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If anyone could point me in the right direction here I would be most grateful.
Gigabyte ga-8penxp mobo
Pentium 4c 2.6GHz
1 GB DDR 400
20gb excelstore hard disk
(no floppy drive)
I downloaded gentoo Linux and attempted to install it via it's nice GUI installer. It got half way through then it simply sat there for the next 4 hours doing nothing, no error message, nothing. I worked out that obviously the installer had hung.
Okay, I’ll try something else. Downloaded xandros and….. an error message ‘500’ appeared ‘unable to install, restarting system’ appeared. Dag, not having much luck here.
Okay, Fedora Core 4! It’s looking good! Not quite… the installer failed when attempting to partition the drive. The error message which appeared was something about a serious error occurring which prevented the installer continuing then the words VolGroup00/LogVol00 appeared.
Okay, I’ll bite the bullet and buy a linux magazine which a distro on it. Madriva 2006. Inserted the CD, and the following error message appears:
‘Unable to mount loop filesystem’ then the PC just hangs. I read somewhere on this forum that this is to do with a bad burn? On a magazine cover disc?
As you can guess I’m a total linux n00b. I’m desperate use it, but I just cant get it to work. Is there something blatantly wrong I am doing here? I just don’t seem to be having any luck at all with linux.
If you have trouble with that many distros, then the odds of it being a **Linux** issue are just about ZERO.
First: What is on the machine now? Did it have windows? If so, will it still boot into Windows?
If you can boot into windows, run a utility to test the hard drive.
Depending an the answers to the above--and on your budget--you should seriously consider buying a brand new 80GB drive. 20GB is marginal (for anything) and 20GB also means old which means prone to failure.
When you are satisfied that the drive is OK, then Pick ONE distro to work with. If it will not install on your machine, you are not likely to fix that by trying a different distro. For this one distro, you can pretty much pick randomly among Fedora, Mandriva, Ubuntu, OpenSUSE
Next, go thru the install process and note EXACTLY what the error messages are.
On thing caught my attention--with Mandriva you said you inserted the CD and got an error message---You need to **boot from** the CD---is that what you meant to say?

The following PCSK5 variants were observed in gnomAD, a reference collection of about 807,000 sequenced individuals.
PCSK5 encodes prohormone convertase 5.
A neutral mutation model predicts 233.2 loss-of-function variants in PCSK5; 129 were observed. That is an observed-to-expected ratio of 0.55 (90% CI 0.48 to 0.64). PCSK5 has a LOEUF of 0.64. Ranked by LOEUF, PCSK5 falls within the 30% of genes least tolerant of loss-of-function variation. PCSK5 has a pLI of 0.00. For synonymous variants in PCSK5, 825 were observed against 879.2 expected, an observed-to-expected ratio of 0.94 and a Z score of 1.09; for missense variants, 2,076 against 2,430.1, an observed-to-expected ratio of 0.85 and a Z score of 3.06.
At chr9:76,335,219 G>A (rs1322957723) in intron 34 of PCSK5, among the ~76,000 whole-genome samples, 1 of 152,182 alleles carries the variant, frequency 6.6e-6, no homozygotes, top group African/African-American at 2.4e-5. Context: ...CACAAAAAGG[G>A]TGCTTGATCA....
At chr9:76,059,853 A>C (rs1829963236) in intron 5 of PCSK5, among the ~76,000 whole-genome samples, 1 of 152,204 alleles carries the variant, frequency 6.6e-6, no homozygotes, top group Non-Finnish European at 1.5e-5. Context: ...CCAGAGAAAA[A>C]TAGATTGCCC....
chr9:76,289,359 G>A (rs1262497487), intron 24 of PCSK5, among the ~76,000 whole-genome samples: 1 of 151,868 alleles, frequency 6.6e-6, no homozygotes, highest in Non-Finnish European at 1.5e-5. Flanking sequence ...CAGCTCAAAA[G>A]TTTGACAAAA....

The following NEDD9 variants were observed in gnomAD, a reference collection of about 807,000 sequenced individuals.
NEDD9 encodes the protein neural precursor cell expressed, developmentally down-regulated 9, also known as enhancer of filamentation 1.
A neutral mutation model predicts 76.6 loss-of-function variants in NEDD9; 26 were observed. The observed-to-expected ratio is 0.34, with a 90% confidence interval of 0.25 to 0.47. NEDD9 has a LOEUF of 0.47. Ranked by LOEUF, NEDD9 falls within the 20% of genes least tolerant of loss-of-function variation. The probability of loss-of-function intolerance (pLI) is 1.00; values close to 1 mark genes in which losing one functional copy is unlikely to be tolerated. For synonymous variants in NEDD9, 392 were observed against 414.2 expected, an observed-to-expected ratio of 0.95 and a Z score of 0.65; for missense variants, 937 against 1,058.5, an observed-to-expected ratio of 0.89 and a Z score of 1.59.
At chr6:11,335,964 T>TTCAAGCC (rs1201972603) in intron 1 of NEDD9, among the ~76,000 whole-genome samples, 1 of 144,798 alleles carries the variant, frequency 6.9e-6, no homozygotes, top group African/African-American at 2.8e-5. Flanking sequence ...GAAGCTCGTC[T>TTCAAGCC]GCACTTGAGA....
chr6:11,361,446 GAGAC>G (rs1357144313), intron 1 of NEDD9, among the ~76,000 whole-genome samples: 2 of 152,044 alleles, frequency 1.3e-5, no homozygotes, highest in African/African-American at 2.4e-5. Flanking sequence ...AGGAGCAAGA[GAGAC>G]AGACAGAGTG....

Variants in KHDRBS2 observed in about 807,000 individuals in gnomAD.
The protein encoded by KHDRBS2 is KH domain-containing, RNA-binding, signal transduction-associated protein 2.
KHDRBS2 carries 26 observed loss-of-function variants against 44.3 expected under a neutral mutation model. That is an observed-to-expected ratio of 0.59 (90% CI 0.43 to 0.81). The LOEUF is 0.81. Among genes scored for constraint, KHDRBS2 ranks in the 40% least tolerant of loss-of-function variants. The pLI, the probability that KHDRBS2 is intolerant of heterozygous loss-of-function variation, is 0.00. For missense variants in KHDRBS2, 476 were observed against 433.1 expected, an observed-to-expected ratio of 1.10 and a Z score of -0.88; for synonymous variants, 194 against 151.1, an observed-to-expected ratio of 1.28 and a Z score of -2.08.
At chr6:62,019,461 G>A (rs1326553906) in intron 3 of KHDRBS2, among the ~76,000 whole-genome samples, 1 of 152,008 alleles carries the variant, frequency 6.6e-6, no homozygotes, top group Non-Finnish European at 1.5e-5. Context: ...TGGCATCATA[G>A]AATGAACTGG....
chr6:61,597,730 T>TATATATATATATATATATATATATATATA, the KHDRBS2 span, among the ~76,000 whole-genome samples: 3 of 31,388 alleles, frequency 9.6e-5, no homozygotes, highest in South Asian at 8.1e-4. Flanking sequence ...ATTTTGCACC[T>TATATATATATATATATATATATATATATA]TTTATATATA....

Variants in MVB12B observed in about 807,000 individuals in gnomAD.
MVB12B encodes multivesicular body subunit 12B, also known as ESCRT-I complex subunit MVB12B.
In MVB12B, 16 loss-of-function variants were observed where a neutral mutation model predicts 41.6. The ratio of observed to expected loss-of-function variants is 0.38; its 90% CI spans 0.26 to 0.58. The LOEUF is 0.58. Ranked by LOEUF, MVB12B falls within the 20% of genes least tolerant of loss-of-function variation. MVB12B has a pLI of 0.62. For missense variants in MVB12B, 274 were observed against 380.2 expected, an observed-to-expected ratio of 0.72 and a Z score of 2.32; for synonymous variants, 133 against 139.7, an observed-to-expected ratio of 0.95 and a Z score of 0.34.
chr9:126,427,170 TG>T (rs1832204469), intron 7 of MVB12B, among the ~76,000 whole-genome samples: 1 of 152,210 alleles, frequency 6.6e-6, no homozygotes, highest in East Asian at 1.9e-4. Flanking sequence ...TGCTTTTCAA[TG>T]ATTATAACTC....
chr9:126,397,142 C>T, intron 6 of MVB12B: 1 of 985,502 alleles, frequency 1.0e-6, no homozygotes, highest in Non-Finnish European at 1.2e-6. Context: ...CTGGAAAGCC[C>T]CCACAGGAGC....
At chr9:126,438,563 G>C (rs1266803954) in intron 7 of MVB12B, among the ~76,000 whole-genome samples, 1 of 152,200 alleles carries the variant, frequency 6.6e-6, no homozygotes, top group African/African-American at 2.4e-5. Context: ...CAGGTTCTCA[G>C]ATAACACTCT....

Please make sure that your iso images are ok before you burn them. There is always a md5 sum to check that indicates if your iso is the one it should be
Chances are worse that the journal CD had errors, but it's not impossible. Checking the md5 sums would help to exclude ONE possible cause for your problems.
Distribution: Vector Linux 5.1 Std., Vector Linux 5.8 Std., Win2k, XP, OS X (10.4 & 10.5)
While I would not consider your computer "old" (My computers are all over 5+ years old.) I would suggest that you give Vectorlinux 5.1 Standard a try since Vector is a distro that typically runs well on "older" hardware such as yours (or mine).
However you do need to resolve the hard drive partition issue before you can successfully install any OS.
pixellany and towy71 are both right. Wipe that disc slick and I'm sure any distro you try will install without a problem. Your hardware (if functioning properly) will run any current distro. I spent months distro hopping before I settled on one, and the only one I've ever had a problem with was Vector.
My best friend tried over 10 distros on an older IBM( not super old it has a 900mhz processor), none would install and most wouldn't even finish booting. The HD had been wiped, it was a computer his company got rid of.
Tried win 2000 and it installed just fine. So then he tried PC-BSD and suprisingly it installed as well.
Criticism aside I would like to hear from the original poster regarding his progress in resolving the issue.
Don't hold your breath.....
I suspect this forum is not unusual in attracting a lot of "looky-loo"s---people that are not at all serious about learning and using Linux.
One obvious symptom--in this thread--is that, even when he did respond, he did not address all the question put to him.
The most extreme is the "one-post hit and run"--thy guy (gal) who posts one question and is never heard from again.
The most frustrating is the poster who, after lengthy dialog, and fairly detailed instructions from us, puts up a post that says--"OK, now how do I solve my problem?"
I usually learn something here--even fi the OP does not (or does not WANT to)
In this case, the OP may be back--he was at least motivated enough to try 5 distros.....